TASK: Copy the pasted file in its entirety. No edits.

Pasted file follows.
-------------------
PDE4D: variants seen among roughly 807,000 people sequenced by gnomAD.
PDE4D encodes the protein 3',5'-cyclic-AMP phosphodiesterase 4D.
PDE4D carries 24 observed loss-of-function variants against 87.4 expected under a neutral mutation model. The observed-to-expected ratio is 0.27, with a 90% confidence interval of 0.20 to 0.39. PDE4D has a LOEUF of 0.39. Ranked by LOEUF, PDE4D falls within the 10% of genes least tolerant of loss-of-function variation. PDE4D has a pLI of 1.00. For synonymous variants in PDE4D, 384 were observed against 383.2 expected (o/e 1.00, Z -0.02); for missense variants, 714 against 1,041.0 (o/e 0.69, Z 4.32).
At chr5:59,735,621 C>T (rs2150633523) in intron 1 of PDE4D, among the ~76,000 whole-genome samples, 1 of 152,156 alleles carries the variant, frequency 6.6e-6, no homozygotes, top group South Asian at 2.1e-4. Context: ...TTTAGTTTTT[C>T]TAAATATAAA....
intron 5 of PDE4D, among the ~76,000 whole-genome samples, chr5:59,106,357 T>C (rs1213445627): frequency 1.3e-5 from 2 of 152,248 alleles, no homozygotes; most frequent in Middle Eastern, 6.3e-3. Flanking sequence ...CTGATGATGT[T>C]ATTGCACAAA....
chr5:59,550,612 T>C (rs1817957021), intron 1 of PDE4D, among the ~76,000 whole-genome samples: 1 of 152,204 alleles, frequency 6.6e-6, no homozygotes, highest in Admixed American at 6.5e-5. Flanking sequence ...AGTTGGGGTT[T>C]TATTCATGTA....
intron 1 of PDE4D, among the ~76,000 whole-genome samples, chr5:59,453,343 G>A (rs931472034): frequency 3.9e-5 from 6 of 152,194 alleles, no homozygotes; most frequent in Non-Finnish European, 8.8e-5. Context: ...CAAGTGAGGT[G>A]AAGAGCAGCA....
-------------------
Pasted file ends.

PDE4D: variants seen among roughly 807,000 people sequenced by gnomAD.
PDE4D encodes the protein 3',5'-cyclic-AMP phosphodiesterase 4D.
PDE4D carries 24 observed loss-of-function variants against 87.4 expected under a neutral mutation model. The observed-to-expected ratio is 0.27, with a 90% confidence interval of 0.20 to 0.39. PDE4D has a LOEUF of 0.39. Ranked by LOEUF, PDE4D falls within the 10% of genes least tolerant of loss-of-function variation. PDE4D has a pLI of 1.00. For synonymous variants in PDE4D, 384 were observed against 383.2 expected (o/e 1.00, Z -0.02); for missense variants, 714 against 1,041.0 (o/e 0.69, Z 4.32).
At chr5:59,735,621 C>T (rs2150633523) in intron 1 of PDE4D, among the ~76,000 whole-genome samples, 1 of 152,156 alleles carries the variant, frequency 6.6e-6, no homozygotes, top group South Asian at 2.1e-4. Context: ...TTTAGTTTTT[C>T]TAAATATAAA....
intron 5 of PDE4D, among the ~76,000 whole-genome samples, chr5:59,106,357 T>C (rs1213445627): frequency 1.3e-5 from 2 of 152,248 alleles, no homozygotes; most frequent in Middle Eastern, 6.3e-3. Flanking sequence ...CTGATGATGT[T>C]ATTGCACAAA....
chr5:59,550,612 T>C (rs1817957021), intron 1 of PDE4D, among the ~76,000 whole-genome samples: 1 of 152,204 alleles, frequency 6.6e-6, no homozygotes, highest in Admixed American at 6.5e-5. Flanking sequence ...AGTTGGGGTT[T>C]TATTCATGTA....
intron 1 of PDE4D, among the ~76,000 whole-genome samples, chr5:59,453,343 G>A (rs931472034): frequency 3.9e-5 from 6 of 152,194 alleles, no homozygotes; most frequent in Non-Finnish European, 8.8e-5. Context: ...CAAGTGAGGT[G>A]AAGAGCAGCA....